Table of contents: VOL. 154, NO. 11 - November 27, 2006
COVER STORY
The Treasury Secretary has unmatched credibility on Wall Street and in D.C. Fortune managing editor Andy Serwer and Washington bureau chief Nina Easton pick his brain about the market, the economy and politics. An exclusive interview. (more)

Features
Everything you buy online says a little bit about you. And if all those bits get put into one big trove of data about you and your tastes? Marketer's heaven. Fortune's Jeffrey O'Brien reports. (more)
Two years ago Computer Associates admitted $2.2 billion in fraud and recruited a new CEO to save the day. Has it solved its problems? Fortune's Nicholas Varchaver reports. (more)
Many of the best and brightest black and Hispanic college grads forgo business school for study in other fields. John Rice has an idea why - and he's starting to change the MBA game. Fortune's Nadira A. Hira reports. (more)
What do ant colonies, novels and river systems have to do with making money? Ask Bill Miller, the man who's topped the market 15 years running. Fortune managing editor Andy Serwer reports. (more)
The private equity boom is breathtaking. It's not just making investors rich - the wave of deals is changing the mindset of corporate managers everywhere. Fortune reports. (more)
Triumph. Scandal. Redemption. Resolve. Here are the leaders who personify the promise - and peril - of the business world in 2006. (more)
business life: your money at play
The two Harvard Business School classmates who resurrected Chris-Craft have a new plan to bring Indian Motorcycle back from the brink. Can this icon be saved? Fortune's Eugenia Levenson reports (more)
Microsoft's wireless-enabled Zune lets music lovers swap songs. Too bad Microsoft does better with the hardware than with the software. (more)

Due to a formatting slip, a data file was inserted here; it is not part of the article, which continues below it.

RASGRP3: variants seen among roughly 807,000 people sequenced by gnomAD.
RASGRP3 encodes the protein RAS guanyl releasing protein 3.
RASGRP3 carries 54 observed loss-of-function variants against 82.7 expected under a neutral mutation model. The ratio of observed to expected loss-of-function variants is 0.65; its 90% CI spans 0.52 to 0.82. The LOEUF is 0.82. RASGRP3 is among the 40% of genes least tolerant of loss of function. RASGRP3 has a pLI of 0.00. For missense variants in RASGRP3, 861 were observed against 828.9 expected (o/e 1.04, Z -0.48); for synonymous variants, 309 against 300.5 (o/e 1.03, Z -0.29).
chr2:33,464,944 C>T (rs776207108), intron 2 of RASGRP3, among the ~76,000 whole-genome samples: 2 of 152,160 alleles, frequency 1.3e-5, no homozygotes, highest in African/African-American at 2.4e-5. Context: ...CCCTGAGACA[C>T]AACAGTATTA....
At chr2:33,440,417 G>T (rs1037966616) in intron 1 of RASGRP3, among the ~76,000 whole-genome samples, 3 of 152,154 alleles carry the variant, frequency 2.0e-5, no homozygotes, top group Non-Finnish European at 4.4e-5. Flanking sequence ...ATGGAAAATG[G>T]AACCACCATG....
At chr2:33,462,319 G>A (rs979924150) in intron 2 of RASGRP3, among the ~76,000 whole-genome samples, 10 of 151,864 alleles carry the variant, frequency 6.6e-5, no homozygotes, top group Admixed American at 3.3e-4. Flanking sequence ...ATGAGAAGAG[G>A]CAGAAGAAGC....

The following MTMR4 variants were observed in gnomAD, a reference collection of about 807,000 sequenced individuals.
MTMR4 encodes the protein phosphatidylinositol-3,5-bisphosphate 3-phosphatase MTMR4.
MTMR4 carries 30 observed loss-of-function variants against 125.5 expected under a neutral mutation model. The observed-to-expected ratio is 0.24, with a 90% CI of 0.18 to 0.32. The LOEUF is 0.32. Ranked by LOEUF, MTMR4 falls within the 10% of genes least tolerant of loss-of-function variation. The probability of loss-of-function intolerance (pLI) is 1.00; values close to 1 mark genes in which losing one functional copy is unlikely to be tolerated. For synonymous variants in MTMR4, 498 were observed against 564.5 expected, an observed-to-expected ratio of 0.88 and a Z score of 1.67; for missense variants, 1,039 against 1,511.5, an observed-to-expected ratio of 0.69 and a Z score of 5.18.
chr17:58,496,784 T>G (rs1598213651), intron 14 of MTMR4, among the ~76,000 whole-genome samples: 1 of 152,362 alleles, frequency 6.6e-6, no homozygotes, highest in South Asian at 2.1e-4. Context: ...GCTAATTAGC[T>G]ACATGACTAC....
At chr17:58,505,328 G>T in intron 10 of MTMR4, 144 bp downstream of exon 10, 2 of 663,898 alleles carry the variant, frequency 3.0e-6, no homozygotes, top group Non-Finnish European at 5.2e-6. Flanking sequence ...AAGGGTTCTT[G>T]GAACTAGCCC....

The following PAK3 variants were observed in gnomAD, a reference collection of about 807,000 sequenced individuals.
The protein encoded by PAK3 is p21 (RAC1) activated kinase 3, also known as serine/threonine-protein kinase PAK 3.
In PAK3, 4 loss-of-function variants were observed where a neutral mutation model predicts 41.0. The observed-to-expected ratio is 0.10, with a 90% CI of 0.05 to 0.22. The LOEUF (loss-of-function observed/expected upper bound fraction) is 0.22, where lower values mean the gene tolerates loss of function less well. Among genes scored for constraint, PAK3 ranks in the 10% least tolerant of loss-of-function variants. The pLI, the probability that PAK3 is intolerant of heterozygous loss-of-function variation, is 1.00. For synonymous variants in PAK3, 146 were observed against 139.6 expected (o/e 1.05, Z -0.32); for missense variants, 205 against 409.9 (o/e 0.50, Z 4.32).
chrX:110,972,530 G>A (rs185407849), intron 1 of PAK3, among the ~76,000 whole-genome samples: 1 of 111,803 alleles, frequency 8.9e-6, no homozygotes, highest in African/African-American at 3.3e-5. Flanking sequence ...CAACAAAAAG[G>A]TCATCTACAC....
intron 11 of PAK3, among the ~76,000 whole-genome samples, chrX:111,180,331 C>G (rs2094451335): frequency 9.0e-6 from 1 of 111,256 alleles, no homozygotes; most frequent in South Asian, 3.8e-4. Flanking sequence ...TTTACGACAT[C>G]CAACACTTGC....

Most elite travelers would never dream of booking a prepackaged vacation. Maybe they should. (more)
An interview with Lan Tran Cao, 53, restaurant owner, New York City (more)
Maximilian Riedel, 29, CEO of Riedel Crystal America (more)
cover stories
Triumph. Scandal. Redemption. Resolve. here are the leaders who personify the promise - and peril - of the business world in 2006. (more)
From Apple to Netscape to HP to YouTube, Larry Sonsini has been the most important lawyer in the most important industry for 30 years. But is he too close to the companies he represents? Fortune's Roger Parloff reports. (more)
dispatches
Wendy Kopp has turned Teach for America into one of the largest hirers of college seniors. Now Amgen, Goldman and others want to partner with the nonprofit on talent acquisition, says Fortune's Patricia Sellers. (more)
Backdating may be just the beginning: A lot of other suspicious stuff tends to happen when companies grant options. (more)
Companies that make money in education have had good friends in Congress. That may change under the Democrats. (more)
dispatches: reports from the front lines of business
Big Blue and other tech giants are trying to come up with a range of gizmos to help retailers sell more and lose less. (more)
dispatches: reports front lines of business
A proposed pipeline in Myanmar has farmers worried about their land and human rights activists up in arms. (more)
editor’s desk
There's a new managing editor in town. (more)
first
Hot spots, fault lines and events that might have an impact on global risk. (more)

For more than a century, the banana producer was nobody's idea of a role model. Now it's forging new ground in corporate responsibility. (more)

Ankara, Turkey (more)
An interview with Doug Ellin, 38, television writer. (more)
Eight years later, the former CEO of Cendant finally gets convicted for his involvement in the financial fraud scandal. Fortune's Carol J. Loomis reports. (more)

British defense company QinetiQ makes high-tech devices, and is said to be the inspiration for James Bond's Q. (more)
An interview with Mary Clingman, 60 Butterball Turkey Talk-Line Director, Naperville, Ill. (more)
first: news - analysis - informed opinion


After a dozen years in the minority, the Democrats are ready to put their stamp on oil, pharma and finance. (more)
fortune small business
How a small-town engineer finds himself in the fight to end global warming. (more)
investing: your money at work
The office furniture maker rebounds in style. (more)
The Dow keeps reaching new highs, but the other major indexes have yet to catch up. Here’s a graphic look at a ragged rally. (more)
Small players with strong franchises and growth prospects. (more)
media bubble
Is Brian Tierney the Philadelphia Inquirer's savior - or worse than Knight Ridder? (more)
while you were out
Fortune quiz: Are you powerful? (more)
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